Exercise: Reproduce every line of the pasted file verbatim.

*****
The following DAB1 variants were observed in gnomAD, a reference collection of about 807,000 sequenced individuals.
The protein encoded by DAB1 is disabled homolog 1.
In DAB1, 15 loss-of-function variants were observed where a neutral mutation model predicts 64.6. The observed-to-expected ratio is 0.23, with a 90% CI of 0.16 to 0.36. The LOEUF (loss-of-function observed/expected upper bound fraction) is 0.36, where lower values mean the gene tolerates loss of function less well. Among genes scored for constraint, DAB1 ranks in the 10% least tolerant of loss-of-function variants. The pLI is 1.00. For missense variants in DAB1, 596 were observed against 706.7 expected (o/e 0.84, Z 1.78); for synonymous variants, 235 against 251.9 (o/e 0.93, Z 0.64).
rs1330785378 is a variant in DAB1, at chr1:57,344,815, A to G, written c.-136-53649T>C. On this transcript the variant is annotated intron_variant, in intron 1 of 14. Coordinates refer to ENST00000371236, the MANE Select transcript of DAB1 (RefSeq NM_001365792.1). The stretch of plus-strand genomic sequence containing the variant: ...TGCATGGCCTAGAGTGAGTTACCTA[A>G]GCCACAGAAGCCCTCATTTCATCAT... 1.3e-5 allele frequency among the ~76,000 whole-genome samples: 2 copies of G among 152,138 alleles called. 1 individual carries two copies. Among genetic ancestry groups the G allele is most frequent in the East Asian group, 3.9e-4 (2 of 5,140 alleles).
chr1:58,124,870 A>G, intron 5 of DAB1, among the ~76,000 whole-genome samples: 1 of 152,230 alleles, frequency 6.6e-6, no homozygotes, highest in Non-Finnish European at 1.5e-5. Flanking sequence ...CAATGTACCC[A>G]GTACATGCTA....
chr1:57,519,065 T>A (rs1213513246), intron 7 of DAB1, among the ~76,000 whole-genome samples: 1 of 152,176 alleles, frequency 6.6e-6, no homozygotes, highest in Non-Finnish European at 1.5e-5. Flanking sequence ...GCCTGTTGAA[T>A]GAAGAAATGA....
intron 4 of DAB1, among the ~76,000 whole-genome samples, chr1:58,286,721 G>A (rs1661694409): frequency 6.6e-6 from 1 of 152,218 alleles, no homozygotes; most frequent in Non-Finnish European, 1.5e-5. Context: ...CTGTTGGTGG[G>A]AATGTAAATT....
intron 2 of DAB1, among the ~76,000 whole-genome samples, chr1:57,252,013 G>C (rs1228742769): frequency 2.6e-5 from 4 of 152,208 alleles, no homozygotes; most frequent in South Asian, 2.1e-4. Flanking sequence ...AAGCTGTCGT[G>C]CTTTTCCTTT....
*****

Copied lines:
The following DAB1 variants were observed in gnomAD, a reference collection of about 807,000 sequenced individuals.
The protein encoded by DAB1 is disabled homolog 1.
In DAB1, 15 loss-of-function variants were observed where a neutral mutation model predicts 64.6. The observed-to-expected ratio is 0.23, with a 90% CI of 0.16 to 0.36. The LOEUF (loss-of-function observed/expected upper bound fraction) is 0.36, where lower values mean the gene tolerates loss of function less well. Among genes scored for constraint, DAB1 ranks in the 10% least tolerant of loss-of-function variants. The pLI is 1.00. For missense variants in DAB1, 596 were observed against 706.7 expected (o/e 0.84, Z 1.78); for synonymous variants, 235 against 251.9 (o/e 0.93, Z 0.64).
rs1330785378 is a variant in DAB1, at chr1:57,344,815, A to G, written c.-136-53649T>C. On this transcript the variant is annotated intron_variant, in intron 1 of 14. Coordinates refer to ENST00000371236, the MANE Select transcript of DAB1 (RefSeq NM_001365792.1). The stretch of plus-strand genomic sequence containing the variant: ...TGCATGGCCTAGAGTGAGTTACCTA[A>G]GCCACAGAAGCCCTCATTTCATCAT... 1.3e-5 allele frequency among the ~76,000 whole-genome samples: 2 copies of G among 152,138 alleles called. 1 individual carries two copies. Among genetic ancestry groups the G allele is most frequent in the East Asian group, 3.9e-4 (2 of 5,140 alleles).
chr1:58,124,870 A>G, intron 5 of DAB1, among the ~76,000 whole-genome samples: 1 of 152,230 alleles, frequency 6.6e-6, no homozygotes, highest in Non-Finnish European at 1.5e-5. Flanking sequence ...CAATGTACCC[A>G]GTACATGCTA....
chr1:57,519,065 T>A (rs1213513246), intron 7 of DAB1, among the ~76,000 whole-genome samples: 1 of 152,176 alleles, frequency 6.6e-6, no homozygotes, highest in Non-Finnish European at 1.5e-5. Flanking sequence ...GCCTGTTGAA[T>A]GAAGAAATGA....
intron 4 of DAB1, among the ~76,000 whole-genome samples, chr1:58,286,721 G>A (rs1661694409): frequency 6.6e-6 from 1 of 152,218 alleles, no homozygotes; most frequent in Non-Finnish European, 1.5e-5. Context: ...CTGTTGGTGG[G>A]AATGTAAATT....
intron 2 of DAB1, among the ~76,000 whole-genome samples, chr1:57,252,013 G>C (rs1228742769): frequency 2.6e-5 from 4 of 152,208 alleles, no homozygotes; most frequent in South Asian, 2.1e-4. Flanking sequence ...AAGCTGTCGT[G>C]CTTTTCCTTT....